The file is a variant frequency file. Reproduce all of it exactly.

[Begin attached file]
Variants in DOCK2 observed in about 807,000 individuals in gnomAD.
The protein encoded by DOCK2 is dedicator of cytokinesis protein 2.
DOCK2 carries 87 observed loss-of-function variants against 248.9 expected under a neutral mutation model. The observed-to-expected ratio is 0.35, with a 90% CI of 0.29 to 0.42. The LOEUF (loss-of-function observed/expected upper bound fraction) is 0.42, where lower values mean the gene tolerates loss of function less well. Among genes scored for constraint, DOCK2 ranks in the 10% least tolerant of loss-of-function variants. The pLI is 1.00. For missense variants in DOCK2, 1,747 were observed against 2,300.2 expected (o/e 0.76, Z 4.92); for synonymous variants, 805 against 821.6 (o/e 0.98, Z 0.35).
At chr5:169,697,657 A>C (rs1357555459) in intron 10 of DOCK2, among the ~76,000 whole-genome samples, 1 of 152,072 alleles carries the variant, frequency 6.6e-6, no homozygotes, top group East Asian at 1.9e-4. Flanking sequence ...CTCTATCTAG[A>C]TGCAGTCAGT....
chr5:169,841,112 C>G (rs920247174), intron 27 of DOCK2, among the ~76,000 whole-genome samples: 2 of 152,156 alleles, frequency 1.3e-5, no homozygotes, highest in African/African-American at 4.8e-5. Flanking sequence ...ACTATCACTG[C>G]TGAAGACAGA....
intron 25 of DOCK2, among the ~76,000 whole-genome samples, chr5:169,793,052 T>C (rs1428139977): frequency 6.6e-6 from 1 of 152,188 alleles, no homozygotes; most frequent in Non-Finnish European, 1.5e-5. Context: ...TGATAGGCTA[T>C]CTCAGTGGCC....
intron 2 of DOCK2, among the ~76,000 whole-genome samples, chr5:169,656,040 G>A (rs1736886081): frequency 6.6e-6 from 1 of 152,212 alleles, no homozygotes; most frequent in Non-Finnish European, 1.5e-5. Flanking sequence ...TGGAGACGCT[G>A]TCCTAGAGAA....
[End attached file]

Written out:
Variants in DOCK2 observed in about 807,000 individuals in gnomAD.
The protein encoded by DOCK2 is dedicator of cytokinesis protein 2.
DOCK2 carries 87 observed loss-of-function variants against 248.9 expected under a neutral mutation model. The observed-to-expected ratio is 0.35, with a 90% CI of 0.29 to 0.42. The LOEUF (loss-of-function observed/expected upper bound fraction) is 0.42, where lower values mean the gene tolerates loss of function less well. Among genes scored for constraint, DOCK2 ranks in the 10% least tolerant of loss-of-function variants. The pLI is 1.00. For missense variants in DOCK2, 1,747 were observed against 2,300.2 expected (o/e 0.76, Z 4.92); for synonymous variants, 805 against 821.6 (o/e 0.98, Z 0.35).
At chr5:169,697,657 A>C (rs1357555459) in intron 10 of DOCK2, among the ~76,000 whole-genome samples, 1 of 152,072 alleles carries the variant, frequency 6.6e-6, no homozygotes, top group East Asian at 1.9e-4. Flanking sequence ...CTCTATCTAG[A>C]TGCAGTCAGT....
chr5:169,841,112 C>G (rs920247174), intron 27 of DOCK2, among the ~76,000 whole-genome samples: 2 of 152,156 alleles, frequency 1.3e-5, no homozygotes, highest in African/African-American at 4.8e-5. Flanking sequence ...ACTATCACTG[C>G]TGAAGACAGA....
intron 25 of DOCK2, among the ~76,000 whole-genome samples, chr5:169,793,052 T>C (rs1428139977): frequency 6.6e-6 from 1 of 152,188 alleles, no homozygotes; most frequent in Non-Finnish European, 1.5e-5. Context: ...TGATAGGCTA[T>C]CTCAGTGGCC....
intron 2 of DOCK2, among the ~76,000 whole-genome samples, chr5:169,656,040 G>A (rs1736886081): frequency 6.6e-6 from 1 of 152,212 alleles, no homozygotes; most frequent in Non-Finnish European, 1.5e-5. Flanking sequence ...TGGAGACGCT[G>A]TCCTAGAGAA....